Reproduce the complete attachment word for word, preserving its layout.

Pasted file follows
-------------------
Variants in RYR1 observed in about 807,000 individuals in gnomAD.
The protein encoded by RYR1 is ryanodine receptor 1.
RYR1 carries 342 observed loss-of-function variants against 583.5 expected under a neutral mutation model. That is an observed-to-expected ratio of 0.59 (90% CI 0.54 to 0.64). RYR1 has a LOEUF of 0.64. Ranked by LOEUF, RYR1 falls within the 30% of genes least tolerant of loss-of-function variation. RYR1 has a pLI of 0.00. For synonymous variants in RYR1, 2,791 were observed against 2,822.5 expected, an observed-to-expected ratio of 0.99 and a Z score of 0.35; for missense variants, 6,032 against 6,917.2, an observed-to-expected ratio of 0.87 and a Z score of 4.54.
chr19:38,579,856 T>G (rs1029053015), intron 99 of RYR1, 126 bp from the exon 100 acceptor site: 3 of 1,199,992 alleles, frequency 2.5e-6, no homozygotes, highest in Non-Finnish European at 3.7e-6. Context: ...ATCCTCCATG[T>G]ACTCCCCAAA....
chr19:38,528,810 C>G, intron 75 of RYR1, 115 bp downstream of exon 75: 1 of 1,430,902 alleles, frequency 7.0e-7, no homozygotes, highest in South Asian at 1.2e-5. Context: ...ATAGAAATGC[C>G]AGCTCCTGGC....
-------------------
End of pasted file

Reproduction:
Variants in RYR1 observed in about 807,000 individuals in gnomAD.
The protein encoded by RYR1 is ryanodine receptor 1.
RYR1 carries 342 observed loss-of-function variants against 583.5 expected under a neutral mutation model. That is an observed-to-expected ratio of 0.59 (90% CI 0.54 to 0.64). RYR1 has a LOEUF of 0.64. Ranked by LOEUF, RYR1 falls within the 30% of genes least tolerant of loss-of-function variation. RYR1 has a pLI of 0.00. For synonymous variants in RYR1, 2,791 were observed against 2,822.5 expected, an observed-to-expected ratio of 0.99 and a Z score of 0.35; for missense variants, 6,032 against 6,917.2, an observed-to-expected ratio of 0.87 and a Z score of 4.54.
chr19:38,579,856 T>G (rs1029053015), intron 99 of RYR1, 126 bp from the exon 100 acceptor site: 3 of 1,199,992 alleles, frequency 2.5e-6, no homozygotes, highest in Non-Finnish European at 3.7e-6. Context: ...ATCCTCCATG[T>G]ACTCCCCAAA....
chr19:38,528,810 C>G, intron 75 of RYR1, 115 bp downstream of exon 75: 1 of 1,430,902 alleles, frequency 7.0e-7, no homozygotes, highest in South Asian at 1.2e-5. Context: ...ATAGAAATGC[C>G]AGCTCCTGGC....